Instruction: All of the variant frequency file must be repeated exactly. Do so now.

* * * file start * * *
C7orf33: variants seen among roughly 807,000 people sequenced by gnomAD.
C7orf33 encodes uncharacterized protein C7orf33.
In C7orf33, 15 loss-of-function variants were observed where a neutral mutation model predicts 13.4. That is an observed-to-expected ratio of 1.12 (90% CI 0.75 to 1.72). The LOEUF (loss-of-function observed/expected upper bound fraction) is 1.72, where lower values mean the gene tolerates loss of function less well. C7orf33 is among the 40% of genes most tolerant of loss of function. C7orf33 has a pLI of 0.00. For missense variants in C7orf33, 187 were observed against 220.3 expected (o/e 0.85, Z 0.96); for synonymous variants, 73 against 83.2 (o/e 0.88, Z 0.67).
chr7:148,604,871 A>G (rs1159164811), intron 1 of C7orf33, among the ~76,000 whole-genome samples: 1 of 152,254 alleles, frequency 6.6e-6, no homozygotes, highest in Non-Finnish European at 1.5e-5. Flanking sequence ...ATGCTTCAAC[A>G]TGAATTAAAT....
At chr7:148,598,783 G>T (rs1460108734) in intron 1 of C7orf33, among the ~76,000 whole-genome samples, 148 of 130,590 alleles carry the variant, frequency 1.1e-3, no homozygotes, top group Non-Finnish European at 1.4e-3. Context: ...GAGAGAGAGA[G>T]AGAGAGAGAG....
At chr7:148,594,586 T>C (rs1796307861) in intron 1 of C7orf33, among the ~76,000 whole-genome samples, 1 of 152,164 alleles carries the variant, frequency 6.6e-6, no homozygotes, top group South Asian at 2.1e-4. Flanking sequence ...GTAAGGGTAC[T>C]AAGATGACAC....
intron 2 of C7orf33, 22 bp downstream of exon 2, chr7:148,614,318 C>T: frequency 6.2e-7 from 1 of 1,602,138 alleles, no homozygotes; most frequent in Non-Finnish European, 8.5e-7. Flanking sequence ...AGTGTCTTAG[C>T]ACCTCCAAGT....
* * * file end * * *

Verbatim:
C7orf33: variants seen among roughly 807,000 people sequenced by gnomAD.
C7orf33 encodes uncharacterized protein C7orf33.
In C7orf33, 15 loss-of-function variants were observed where a neutral mutation model predicts 13.4. That is an observed-to-expected ratio of 1.12 (90% CI 0.75 to 1.72). The LOEUF (loss-of-function observed/expected upper bound fraction) is 1.72, where lower values mean the gene tolerates loss of function less well. C7orf33 is among the 40% of genes most tolerant of loss of function. C7orf33 has a pLI of 0.00. For missense variants in C7orf33, 187 were observed against 220.3 expected (o/e 0.85, Z 0.96); for synonymous variants, 73 against 83.2 (o/e 0.88, Z 0.67).
chr7:148,604,871 A>G (rs1159164811), intron 1 of C7orf33, among the ~76,000 whole-genome samples: 1 of 152,254 alleles, frequency 6.6e-6, no homozygotes, highest in Non-Finnish European at 1.5e-5. Flanking sequence ...ATGCTTCAAC[A>G]TGAATTAAAT....
At chr7:148,598,783 G>T (rs1460108734) in intron 1 of C7orf33, among the ~76,000 whole-genome samples, 148 of 130,590 alleles carry the variant, frequency 1.1e-3, no homozygotes, top group Non-Finnish European at 1.4e-3. Context: ...GAGAGAGAGA[G>T]AGAGAGAGAG....
At chr7:148,594,586 T>C (rs1796307861) in intron 1 of C7orf33, among the ~76,000 whole-genome samples, 1 of 152,164 alleles carries the variant, frequency 6.6e-6, no homozygotes, top group South Asian at 2.1e-4. Flanking sequence ...GTAAGGGTAC[T>C]AAGATGACAC....
intron 2 of C7orf33, 22 bp downstream of exon 2, chr7:148,614,318 C>T: frequency 6.2e-7 from 1 of 1,602,138 alleles, no homozygotes; most frequent in Non-Finnish European, 8.5e-7. Flanking sequence ...AGTGTCTTAG[C>T]ACCTCCAAGT....